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The question is to compute $$\operatorname{res}_0 \frac{1}{(1-e^{-z})^n}$$ for natural number $n$.

I’ve tried directly calculate the integral by definition and Laurent expansion, but not making any progress. The Laurent series of the function become very nasty for large $n$. Is there any other way to solve this? Any help is much appreciated.

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To find the residue, we can integrate $\frac{1}{(1-e^{-z})^{n}}$ around a rectangular contour with vertices at $z=\pm R \pm i \pi$, $R \ge 1$.

Doing so, we get $$\int_{-R}^{R} \frac{1}{\left(1-e^{-(t- i \pi)}\right)^{n}} \, dt + \int_{-\pi}^{\pi} \frac{1}{\left(1-e^{-(R+ it)}\right)^{n}} \, i \, dt - \int_{-R}^{R} \frac{1}{\left(1-e^{-(t+ i \pi)}\right)^{n}} \, dt$$ $$- \int_{-\pi}^{\pi} \frac{1}{\left( 1-e^{-(-R + it)}\right)^{n}} \, i \, dt = 2 \pi i \operatorname{Res}\left[\frac{1}{(1-e^{-z})^{n}},0 \right].$$

Since $e^{-t+i \pi} = -e^{-t} = e^{-t-i \pi}$, the first and third integrals cancel each other.

And as $R \to \infty$, the fourth integral vanishes since $$\left|\int_{-\pi}^{\pi} \frac{1}{\left( 1-e^{-(-R + it)}\right)^{n}} \, i \, dt \right|\le \int_{-\pi}^{\pi} \frac{dt}{\left(e^{R}-1\right)^{n}} = \frac{2 \pi}{(e^{R}-1)^{n}}. $$

(Due to symmetry, it appears that the value of integral might actually be zero for all values of $R >0$.)

That leaves us with $$\operatorname{Res}\left[\frac{1}{(1-e^{-z})^{n}},0 \right] = \lim_{R \to \infty} \frac{1}{2 \pi i} \int_{-\pi}^{\pi} \frac{1}{\left(1-e^{-(R+ it)}\right)^{n}} \, i \, dt. $$

But since $$\left| \frac{i}{\left(1-e^{-(R+it)}\right)^{n}}\right| \le \frac{1}{(1-e^{-R})^{n}} \le 2^{n}$$ for $R \ge 1$, the dominated convergence theorem permits us to move the limit inside the integral and conclude that $$\operatorname{Res}\left[\frac{1}{(1-e^{-z})^{n}},0 \right] = \frac{1}{2\pi i} \int_{-\pi}^{\pi} \, i\, dt = 1.$$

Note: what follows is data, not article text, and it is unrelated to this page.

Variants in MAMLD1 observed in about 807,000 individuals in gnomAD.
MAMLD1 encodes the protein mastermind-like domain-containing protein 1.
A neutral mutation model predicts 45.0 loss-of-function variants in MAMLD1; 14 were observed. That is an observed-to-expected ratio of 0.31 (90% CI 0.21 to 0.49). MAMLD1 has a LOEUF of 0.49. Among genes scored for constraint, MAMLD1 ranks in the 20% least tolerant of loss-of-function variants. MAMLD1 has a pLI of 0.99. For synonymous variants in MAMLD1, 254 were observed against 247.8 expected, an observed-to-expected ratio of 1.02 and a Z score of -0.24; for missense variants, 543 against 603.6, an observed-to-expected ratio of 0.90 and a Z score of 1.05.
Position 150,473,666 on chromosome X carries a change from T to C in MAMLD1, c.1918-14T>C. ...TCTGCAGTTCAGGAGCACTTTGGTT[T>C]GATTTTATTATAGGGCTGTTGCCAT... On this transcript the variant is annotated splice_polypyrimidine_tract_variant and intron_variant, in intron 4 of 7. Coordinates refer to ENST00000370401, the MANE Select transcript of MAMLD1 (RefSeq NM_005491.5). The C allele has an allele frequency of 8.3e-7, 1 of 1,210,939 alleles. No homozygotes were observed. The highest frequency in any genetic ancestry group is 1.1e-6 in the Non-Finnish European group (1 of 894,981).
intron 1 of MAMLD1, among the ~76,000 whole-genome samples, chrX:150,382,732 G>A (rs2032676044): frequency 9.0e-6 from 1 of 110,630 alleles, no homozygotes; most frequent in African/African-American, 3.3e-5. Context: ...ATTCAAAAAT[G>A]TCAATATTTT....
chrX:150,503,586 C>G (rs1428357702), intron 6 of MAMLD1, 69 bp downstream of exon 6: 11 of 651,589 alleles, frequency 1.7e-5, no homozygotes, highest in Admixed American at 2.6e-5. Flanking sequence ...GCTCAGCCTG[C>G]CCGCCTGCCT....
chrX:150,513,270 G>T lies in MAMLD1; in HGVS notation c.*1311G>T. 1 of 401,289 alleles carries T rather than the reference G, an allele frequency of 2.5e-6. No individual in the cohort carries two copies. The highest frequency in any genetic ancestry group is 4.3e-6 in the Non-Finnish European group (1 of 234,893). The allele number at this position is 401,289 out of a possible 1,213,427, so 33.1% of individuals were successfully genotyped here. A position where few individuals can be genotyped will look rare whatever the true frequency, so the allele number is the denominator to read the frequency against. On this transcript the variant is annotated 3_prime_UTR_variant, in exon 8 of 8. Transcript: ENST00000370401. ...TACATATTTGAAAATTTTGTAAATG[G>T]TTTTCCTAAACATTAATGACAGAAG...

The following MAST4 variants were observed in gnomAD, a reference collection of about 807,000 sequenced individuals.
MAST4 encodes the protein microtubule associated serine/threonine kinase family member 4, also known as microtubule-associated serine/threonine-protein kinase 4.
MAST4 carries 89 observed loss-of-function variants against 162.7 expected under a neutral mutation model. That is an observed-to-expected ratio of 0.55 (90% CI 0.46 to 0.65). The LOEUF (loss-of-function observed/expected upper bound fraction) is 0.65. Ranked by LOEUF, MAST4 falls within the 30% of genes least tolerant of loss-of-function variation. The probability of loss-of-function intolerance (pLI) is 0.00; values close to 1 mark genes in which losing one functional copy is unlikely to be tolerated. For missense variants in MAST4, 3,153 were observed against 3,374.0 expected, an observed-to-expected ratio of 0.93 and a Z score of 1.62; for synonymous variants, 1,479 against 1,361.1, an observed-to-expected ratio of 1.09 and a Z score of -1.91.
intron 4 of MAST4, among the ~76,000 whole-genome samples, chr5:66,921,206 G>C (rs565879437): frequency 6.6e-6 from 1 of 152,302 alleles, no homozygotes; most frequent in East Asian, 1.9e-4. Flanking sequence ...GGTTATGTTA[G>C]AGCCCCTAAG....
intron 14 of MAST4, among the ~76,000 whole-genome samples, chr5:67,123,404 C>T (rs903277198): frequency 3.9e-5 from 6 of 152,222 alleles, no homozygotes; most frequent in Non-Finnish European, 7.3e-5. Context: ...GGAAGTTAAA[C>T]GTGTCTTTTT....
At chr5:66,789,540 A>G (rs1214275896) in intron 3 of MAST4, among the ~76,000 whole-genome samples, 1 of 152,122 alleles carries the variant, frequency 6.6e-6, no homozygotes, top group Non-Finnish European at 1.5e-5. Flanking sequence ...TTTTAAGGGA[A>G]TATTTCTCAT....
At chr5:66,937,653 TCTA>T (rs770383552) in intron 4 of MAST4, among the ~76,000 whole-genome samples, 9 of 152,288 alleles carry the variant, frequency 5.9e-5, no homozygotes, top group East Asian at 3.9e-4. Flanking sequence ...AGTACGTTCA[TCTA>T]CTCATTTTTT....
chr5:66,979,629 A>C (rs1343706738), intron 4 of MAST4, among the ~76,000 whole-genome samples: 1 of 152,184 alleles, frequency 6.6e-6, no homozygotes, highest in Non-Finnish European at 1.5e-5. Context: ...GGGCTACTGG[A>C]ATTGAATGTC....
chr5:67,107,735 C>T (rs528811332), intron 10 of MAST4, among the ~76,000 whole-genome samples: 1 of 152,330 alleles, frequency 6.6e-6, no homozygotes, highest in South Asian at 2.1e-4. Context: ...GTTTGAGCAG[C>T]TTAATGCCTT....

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(Too long to be a comment)

Starting with the series $$\frac{z}{1-\mathrm{e}^{-z}}=\sum_{m=0}^\infty B_m^+ \frac{z^m}{m!}.$$

we get $$\frac{1}{(1-\mathrm{e}^{-z})^n}=\left[ \frac{1}{z} \sum_{m=0}^\infty B_m^+ \frac{z^m}{m!} \right]^n=\frac{1}{z^n} \sum_{m=0}^\infty C_m z^m $$ where $$C_m=\sum_{m_{n-1}=0}^{m} \cdots \sum_{m_2=0}^{m_3} \sum_{m_1=0}^{m_2} \frac{B_{m_1}^+}{m_1!} \frac{B_{m_2-m_1}^+}{(m_2-m_1)!} \cdots \frac{B_{m-m_{n-1}}^+}{(m-m_{n-1})!}$$ Numerical evidence suggest that the residue is identically 1, hence from a combinatorical perspective we want to show that

$$\sum_{m_{n-1}=0}^{n-1} \cdots \sum_{m_2=0}^{m_3} \sum_{m_1=0}^{m_2} \frac{B_{m_1}^+}{m_1!} \frac{B_{m_2-m_1}^+}{(m_2-m_1)!} \cdots \frac{B_{n-1-m_{n-1}}^+}{(n-1-m_{n-1})!} \equiv 1$$ for all natural $n$. Perhaps you could show this by induction, using the recursive definition of the Bernoulli numbers.

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